When your roux has reached the depth you desire, add the onion carefully (the roux is extremely hot and the onion may cause it to spatter a bit) and sauté over medium heat for 5-10 minutes, stirring constantly. Then add the garlic, the bell pepper, the celery, the salt, the black pepper, and, if you desire, the cayenne pepper, and sauté until all the vegetables have softened, about 5-10 minutes.
Add the vegetable/roux mixture to the shrimp broth, stirring (or even whisking) constantly to incorporate it smoothly. Add the tomatoes and their liquid and stir. Bring to a vigorous simmer over medium-high heat, reduce the heat to low, and simmer for 30-60 minutes. The broth should reduce a fair bit and the flavors should intensify considerably. Adjust the seasoning, adding more salt and freshly ground black pepper as needed, then add the gumbo filé and stir.
Turn off the heat. Add the peeled shrimp, the oysters, and the oyster liquor (the magic elixir) to the broth and stir. Let stand about about 5 minutes, until the shrimp are cooked through, perfectly tender and juicy. Serve the gumbo in wide bowls over hot white rice with cold beer and a selection of hot sauces.
Important note: For optimal flavor, it's apparently always best to allow your gumbo to "cure" for 24 hours in the refrigerator, but I've never had the will power to do so. If you do, add the shrimp and oysters only after you've reheated the gumbo, lest the shrimp become tough and the oysters bitter (because of the acidity of the tomatoes). Also, if you think you might have leftovers, you might want to cook the oysters by placing them in a strainer and dropping the strainer into the broth to gently cook them (like I did). That way you can just top each bowl of gumbo with a few of the stewed oysters and you won't have to worry about an oyster going AWOL and turning up in your leftovers tasting bitter. This might mean that your leftovers are just "shrimp gumbo" leftovers and not "shrimp and oyster gumbo" leftovers, but, trust me, your leftovers will not be short on flavor.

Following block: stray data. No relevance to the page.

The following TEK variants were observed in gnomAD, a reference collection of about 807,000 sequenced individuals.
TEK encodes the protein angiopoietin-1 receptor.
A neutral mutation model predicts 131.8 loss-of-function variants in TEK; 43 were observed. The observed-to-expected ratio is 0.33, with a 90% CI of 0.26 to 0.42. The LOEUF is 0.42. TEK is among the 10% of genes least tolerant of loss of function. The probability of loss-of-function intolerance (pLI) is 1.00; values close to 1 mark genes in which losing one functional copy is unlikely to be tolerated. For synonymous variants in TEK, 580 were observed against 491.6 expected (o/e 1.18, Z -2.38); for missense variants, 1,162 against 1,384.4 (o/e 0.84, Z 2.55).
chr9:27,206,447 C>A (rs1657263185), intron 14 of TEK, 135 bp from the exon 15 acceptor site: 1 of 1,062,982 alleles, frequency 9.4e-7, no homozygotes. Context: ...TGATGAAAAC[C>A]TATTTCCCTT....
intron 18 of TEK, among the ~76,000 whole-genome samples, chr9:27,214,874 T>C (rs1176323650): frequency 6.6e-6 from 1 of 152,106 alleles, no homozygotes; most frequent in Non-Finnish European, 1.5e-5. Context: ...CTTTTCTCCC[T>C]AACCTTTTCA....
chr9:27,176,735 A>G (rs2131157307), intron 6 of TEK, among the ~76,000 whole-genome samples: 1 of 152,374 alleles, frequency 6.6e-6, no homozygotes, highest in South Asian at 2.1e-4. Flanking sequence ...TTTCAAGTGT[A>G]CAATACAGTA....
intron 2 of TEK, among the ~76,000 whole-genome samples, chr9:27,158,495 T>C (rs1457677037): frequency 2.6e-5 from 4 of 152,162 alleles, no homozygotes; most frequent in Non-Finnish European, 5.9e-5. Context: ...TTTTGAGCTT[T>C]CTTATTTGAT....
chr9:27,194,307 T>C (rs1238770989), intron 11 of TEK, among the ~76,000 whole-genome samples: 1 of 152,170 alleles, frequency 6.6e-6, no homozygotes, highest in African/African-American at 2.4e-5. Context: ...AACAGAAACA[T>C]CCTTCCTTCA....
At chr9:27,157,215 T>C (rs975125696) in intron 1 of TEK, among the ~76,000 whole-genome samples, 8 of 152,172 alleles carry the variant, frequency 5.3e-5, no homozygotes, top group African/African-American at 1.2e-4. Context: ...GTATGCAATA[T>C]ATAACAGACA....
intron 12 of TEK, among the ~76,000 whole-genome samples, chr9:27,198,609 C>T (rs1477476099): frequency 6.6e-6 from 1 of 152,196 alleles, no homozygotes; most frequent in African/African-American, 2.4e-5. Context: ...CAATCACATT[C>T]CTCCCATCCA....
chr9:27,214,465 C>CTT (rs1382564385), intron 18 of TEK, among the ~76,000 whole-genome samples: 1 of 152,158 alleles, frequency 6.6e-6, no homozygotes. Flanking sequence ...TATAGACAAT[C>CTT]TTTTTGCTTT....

Serves 10-12 people.
[adapted from The Lee Bros. Southern Cookbook]
Frankly, I was a little skeptical that that broth and that roux/vegetable combination would successfully become one, but they did. Of course, I simmered them considerably longer than the Lee Bros. did: 30-45 minutes versus 10 minutes. In the end, my Sunday-style Tuesday Night Gumbo took a good two hours to make, twice as long as the Lees' Tuesday-style Tuesday Night Gumbo, but every extra minute was worth it. That gumbo was full-bodied even before the seafood entered the picture. Five minutes later she was positively voluptuous, a true Cajun Queen.
If you've got your reservations about cooking oysters, just do what we did: buy some extra and serve yourself an oysters-on-the-half-shell appetizer while your gumbo is busy simmering. I mean, you're already buying oysters anyway, and if you look around you can find pretty good deals on small cases of oysters from Malpeque and elsewhere, so...
And while you're at it, you might as well buy some extra shrimp--let's say a quarter pound per person--and make yourself a proper shrimp boil for lunch. You're going to need some energy (and some patience) to make that gumbo properly, why not throw yourself a shrimp doubleheader?
fig. b: earlier that day we luncheoned on spicy boiled shrimp
Simple Shrimp Boil
1/2 cup water
1/2 cup white vinegar
2 tbsp (+ a little extra) homemade shrimp boil [again, you can find directions here] or Old Bay seasoning
1 lb shrimp, in shells
Combine the first three ingredients in a saucepan and bring them to a boil. Add the shrimp, stir gently, and cover. Cook until tender, about 3-5 minutes, depending on the size of the shrimp. Drain the shrimp, reserving some of the broth for dunking. Sprinkle one teaspoon (or more, if you like them extra spicy) shrimp boil over the shrimp, toss, and serve with crusty bread and a salad for a light lunch.